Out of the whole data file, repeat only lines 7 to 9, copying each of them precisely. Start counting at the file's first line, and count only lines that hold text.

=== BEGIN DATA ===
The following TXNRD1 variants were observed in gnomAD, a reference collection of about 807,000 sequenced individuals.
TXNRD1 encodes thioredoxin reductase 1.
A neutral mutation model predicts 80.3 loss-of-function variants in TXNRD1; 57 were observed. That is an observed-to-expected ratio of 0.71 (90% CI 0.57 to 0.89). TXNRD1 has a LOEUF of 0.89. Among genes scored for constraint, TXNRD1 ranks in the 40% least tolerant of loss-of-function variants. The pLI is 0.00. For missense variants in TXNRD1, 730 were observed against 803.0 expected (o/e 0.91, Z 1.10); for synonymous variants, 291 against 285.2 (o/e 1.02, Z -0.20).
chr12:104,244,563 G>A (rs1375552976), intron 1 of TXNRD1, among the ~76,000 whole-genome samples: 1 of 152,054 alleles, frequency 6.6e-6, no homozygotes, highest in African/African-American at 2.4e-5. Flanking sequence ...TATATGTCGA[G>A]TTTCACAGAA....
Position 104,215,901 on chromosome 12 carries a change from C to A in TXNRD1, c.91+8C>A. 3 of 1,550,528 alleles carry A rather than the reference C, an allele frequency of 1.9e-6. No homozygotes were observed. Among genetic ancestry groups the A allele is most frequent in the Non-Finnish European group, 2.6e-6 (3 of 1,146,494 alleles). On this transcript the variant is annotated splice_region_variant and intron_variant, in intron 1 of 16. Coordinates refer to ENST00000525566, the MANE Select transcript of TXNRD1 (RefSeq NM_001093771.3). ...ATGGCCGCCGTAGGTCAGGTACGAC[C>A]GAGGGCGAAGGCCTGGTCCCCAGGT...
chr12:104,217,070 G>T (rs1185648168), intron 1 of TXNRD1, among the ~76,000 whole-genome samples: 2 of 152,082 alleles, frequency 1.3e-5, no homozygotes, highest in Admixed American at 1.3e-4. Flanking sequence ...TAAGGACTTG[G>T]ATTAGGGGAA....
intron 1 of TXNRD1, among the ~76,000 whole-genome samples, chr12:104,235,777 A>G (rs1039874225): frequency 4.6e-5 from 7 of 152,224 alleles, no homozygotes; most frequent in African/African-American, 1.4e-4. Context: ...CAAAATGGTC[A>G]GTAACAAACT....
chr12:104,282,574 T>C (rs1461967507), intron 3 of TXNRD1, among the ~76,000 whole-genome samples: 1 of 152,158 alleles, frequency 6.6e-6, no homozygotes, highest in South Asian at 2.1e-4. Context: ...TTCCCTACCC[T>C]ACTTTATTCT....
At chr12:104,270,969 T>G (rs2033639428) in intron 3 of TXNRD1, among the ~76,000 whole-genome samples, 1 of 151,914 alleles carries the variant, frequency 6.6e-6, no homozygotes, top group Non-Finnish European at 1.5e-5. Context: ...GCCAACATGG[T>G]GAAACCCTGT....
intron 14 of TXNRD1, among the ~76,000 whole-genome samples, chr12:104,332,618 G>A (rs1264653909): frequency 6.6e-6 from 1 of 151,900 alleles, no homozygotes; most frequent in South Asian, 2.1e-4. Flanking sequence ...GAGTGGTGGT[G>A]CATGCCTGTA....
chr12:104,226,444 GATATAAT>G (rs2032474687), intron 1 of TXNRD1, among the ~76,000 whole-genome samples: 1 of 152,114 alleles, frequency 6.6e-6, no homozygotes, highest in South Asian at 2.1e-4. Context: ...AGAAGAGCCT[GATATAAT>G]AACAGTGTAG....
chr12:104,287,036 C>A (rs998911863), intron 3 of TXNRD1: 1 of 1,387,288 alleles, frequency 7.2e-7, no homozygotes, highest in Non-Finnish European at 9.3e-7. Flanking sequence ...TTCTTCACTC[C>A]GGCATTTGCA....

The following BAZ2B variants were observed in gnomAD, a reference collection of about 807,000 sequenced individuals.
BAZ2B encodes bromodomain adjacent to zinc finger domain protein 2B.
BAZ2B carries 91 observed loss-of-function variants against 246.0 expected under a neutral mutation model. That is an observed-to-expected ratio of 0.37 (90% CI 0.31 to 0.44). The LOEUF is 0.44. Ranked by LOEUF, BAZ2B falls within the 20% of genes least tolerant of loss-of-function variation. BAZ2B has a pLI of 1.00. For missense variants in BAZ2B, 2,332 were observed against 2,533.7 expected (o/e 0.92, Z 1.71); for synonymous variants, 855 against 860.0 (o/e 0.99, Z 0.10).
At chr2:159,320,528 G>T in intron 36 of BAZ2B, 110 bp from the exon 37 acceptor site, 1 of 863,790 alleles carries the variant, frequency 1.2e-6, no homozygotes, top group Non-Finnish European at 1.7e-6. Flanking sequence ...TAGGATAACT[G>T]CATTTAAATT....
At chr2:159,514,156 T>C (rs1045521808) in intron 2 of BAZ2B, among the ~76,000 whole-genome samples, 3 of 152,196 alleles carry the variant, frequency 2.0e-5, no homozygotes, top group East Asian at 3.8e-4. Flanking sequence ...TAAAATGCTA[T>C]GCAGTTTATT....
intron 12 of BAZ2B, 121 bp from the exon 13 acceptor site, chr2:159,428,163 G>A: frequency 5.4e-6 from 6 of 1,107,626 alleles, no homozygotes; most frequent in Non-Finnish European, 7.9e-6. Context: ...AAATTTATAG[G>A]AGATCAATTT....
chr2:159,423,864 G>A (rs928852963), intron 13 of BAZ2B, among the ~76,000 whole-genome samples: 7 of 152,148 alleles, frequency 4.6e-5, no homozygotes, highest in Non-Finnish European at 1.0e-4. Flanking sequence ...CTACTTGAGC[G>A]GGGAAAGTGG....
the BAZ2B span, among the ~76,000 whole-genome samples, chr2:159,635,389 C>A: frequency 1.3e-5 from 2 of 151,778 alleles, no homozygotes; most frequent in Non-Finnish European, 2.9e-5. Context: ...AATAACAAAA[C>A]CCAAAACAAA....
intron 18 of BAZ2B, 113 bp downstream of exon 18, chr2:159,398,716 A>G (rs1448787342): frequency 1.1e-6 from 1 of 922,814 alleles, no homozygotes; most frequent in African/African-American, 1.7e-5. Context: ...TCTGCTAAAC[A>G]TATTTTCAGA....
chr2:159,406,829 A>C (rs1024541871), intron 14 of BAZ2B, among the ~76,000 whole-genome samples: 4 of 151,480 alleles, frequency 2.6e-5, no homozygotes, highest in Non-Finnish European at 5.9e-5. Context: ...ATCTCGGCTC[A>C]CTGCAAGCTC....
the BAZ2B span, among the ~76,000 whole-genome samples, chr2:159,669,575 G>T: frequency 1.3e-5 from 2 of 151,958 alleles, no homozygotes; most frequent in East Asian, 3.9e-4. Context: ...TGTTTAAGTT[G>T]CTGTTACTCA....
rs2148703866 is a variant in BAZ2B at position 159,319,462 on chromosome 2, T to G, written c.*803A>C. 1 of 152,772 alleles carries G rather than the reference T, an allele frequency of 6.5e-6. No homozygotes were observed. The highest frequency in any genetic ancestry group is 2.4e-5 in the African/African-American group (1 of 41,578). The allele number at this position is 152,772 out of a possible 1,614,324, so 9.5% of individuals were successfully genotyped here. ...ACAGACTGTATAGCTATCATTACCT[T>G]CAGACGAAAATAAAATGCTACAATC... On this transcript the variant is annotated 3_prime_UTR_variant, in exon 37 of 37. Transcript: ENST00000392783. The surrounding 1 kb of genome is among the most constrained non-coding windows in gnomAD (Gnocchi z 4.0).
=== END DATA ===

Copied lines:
intron 1 of TXNRD1, among the ~76,000 whole-genome samples, chr12:104,235,777 A>G (rs1039874225): frequency 4.6e-5 from 7 of 152,224 alleles, no homozygotes; most frequent in African/African-American, 1.4e-4. Context: ...CAAAATGGTC[A>G]GTAACAAACT....
chr12:104,282,574 T>C (rs1461967507), intron 3 of TXNRD1, among the ~76,000 whole-genome samples: 1 of 152,158 alleles, frequency 6.6e-6, no homozygotes, highest in South Asian at 2.1e-4. Context: ...TTCCCTACCC[T>C]ACTTTATTCT....
At chr12:104,270,969 T>G (rs2033639428) in intron 3 of TXNRD1, among the ~76,000 whole-genome samples, 1 of 151,914 alleles carries the variant, frequency 6.6e-6, no homozygotes, top group Non-Finnish European at 1.5e-5. Context: ...GCCAACATGG[T>G]GAAACCCTGT....